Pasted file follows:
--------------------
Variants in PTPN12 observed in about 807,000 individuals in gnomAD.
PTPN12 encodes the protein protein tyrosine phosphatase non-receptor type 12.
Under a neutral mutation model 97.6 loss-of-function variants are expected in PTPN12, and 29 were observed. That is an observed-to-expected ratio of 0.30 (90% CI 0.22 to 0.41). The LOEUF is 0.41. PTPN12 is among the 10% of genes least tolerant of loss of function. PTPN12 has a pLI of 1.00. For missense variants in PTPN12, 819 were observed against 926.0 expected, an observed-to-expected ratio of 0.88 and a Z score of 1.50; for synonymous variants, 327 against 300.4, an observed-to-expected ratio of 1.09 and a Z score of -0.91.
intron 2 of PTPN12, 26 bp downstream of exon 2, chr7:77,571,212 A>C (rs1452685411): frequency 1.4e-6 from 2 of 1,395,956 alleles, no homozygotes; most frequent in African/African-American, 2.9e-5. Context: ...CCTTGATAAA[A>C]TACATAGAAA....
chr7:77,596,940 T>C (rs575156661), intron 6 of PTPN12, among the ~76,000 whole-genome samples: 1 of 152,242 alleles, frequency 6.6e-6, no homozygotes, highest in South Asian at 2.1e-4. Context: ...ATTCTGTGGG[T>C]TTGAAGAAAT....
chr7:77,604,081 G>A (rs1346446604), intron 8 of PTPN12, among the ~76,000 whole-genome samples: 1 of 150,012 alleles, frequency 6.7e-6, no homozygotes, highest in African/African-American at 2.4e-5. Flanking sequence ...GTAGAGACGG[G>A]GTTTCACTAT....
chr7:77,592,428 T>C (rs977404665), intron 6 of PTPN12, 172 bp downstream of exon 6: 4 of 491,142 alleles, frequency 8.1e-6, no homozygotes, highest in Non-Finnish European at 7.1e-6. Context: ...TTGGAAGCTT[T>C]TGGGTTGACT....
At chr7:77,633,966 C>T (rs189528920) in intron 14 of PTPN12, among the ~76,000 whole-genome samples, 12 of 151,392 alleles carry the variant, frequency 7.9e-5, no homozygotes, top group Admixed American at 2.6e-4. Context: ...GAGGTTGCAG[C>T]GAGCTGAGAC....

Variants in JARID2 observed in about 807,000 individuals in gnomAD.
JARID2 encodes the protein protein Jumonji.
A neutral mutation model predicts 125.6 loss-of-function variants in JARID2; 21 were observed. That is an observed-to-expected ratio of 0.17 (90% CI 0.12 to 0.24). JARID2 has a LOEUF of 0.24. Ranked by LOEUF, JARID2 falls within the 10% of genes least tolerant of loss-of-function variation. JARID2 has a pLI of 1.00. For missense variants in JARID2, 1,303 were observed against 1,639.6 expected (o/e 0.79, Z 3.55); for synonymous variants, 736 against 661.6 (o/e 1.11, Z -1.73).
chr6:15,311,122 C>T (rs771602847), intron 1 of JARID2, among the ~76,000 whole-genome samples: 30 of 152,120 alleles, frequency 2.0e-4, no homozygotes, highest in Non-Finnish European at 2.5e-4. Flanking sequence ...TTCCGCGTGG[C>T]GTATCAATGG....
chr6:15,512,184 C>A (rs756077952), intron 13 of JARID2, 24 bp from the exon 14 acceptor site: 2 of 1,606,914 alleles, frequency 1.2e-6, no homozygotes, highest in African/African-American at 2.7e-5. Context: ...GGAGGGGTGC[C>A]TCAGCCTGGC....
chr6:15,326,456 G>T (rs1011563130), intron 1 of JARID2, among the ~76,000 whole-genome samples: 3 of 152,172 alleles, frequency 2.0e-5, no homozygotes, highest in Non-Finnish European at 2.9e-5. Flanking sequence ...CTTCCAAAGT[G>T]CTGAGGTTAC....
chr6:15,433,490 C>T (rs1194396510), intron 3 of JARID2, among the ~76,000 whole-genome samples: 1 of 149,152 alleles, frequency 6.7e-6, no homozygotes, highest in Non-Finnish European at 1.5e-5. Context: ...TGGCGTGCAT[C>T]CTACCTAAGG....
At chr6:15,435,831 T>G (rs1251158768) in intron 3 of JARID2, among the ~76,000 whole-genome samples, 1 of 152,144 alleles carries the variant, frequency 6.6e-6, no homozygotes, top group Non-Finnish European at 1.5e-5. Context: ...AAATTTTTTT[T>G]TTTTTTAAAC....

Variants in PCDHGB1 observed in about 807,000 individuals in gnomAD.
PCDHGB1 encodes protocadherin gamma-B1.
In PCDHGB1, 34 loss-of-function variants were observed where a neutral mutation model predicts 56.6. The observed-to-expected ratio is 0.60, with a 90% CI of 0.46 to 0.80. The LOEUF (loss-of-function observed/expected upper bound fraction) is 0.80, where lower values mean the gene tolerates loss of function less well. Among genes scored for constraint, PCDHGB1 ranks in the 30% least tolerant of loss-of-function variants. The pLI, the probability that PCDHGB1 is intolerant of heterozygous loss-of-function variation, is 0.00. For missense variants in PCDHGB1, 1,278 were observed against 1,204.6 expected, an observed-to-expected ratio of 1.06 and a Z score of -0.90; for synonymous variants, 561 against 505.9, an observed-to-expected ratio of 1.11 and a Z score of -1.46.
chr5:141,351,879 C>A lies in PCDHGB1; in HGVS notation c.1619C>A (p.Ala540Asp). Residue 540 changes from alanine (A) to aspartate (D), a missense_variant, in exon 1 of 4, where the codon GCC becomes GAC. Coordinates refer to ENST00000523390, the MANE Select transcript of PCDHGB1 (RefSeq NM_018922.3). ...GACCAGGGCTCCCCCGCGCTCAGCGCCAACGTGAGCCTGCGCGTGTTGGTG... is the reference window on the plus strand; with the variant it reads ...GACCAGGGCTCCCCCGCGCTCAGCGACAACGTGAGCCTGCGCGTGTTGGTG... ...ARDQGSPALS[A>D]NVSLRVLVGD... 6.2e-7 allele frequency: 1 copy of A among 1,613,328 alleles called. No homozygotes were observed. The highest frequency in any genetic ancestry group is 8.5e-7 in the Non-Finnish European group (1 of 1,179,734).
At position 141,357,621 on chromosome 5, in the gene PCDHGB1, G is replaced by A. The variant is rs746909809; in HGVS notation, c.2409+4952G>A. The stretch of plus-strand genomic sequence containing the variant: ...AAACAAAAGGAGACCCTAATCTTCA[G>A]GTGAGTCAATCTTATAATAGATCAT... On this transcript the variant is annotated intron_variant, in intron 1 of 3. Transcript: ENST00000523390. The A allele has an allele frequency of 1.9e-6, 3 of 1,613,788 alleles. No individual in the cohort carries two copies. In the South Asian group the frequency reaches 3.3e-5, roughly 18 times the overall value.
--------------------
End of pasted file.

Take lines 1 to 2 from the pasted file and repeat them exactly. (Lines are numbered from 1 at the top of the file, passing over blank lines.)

Variants in PTPN12 observed in about 807,000 individuals in gnomAD.
PTPN12 encodes the protein protein tyrosine phosphatase non-receptor type 12.